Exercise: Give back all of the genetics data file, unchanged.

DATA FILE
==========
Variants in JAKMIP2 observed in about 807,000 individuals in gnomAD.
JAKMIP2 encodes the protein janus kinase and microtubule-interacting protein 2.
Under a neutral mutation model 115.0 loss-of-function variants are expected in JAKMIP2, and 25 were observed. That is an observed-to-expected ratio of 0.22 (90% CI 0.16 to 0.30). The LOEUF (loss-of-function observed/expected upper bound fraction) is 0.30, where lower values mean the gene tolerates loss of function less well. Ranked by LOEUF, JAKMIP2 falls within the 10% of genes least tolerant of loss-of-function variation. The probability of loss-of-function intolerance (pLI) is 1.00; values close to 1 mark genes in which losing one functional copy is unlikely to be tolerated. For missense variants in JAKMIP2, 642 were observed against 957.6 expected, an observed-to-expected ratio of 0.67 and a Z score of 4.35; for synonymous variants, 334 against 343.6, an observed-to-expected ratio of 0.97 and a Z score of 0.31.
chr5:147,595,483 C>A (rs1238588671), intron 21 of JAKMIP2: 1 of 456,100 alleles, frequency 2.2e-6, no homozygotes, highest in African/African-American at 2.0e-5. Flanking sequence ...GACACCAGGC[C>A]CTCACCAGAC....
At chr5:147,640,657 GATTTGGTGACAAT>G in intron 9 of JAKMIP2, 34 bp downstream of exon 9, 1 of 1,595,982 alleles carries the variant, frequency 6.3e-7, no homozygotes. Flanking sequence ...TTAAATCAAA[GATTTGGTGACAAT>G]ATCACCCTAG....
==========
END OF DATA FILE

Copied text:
Variants in JAKMIP2 observed in about 807,000 individuals in gnomAD.
JAKMIP2 encodes the protein janus kinase and microtubule-interacting protein 2.
Under a neutral mutation model 115.0 loss-of-function variants are expected in JAKMIP2, and 25 were observed. That is an observed-to-expected ratio of 0.22 (90% CI 0.16 to 0.30). The LOEUF (loss-of-function observed/expected upper bound fraction) is 0.30, where lower values mean the gene tolerates loss of function less well. Ranked by LOEUF, JAKMIP2 falls within the 10% of genes least tolerant of loss-of-function variation. The probability of loss-of-function intolerance (pLI) is 1.00; values close to 1 mark genes in which losing one functional copy is unlikely to be tolerated. For missense variants in JAKMIP2, 642 were observed against 957.6 expected, an observed-to-expected ratio of 0.67 and a Z score of 4.35; for synonymous variants, 334 against 343.6, an observed-to-expected ratio of 0.97 and a Z score of 0.31.
chr5:147,595,483 C>A (rs1238588671), intron 21 of JAKMIP2: 1 of 456,100 alleles, frequency 2.2e-6, no homozygotes, highest in African/African-American at 2.0e-5. Flanking sequence ...GACACCAGGC[C>A]CTCACCAGAC....
At chr5:147,640,657 GATTTGGTGACAAT>G in intron 9 of JAKMIP2, 34 bp downstream of exon 9, 1 of 1,595,982 alleles carries the variant, frequency 6.3e-7, no homozygotes. Flanking sequence ...TTAAATCAAA[GATTTGGTGACAAT>G]ATCACCCTAG....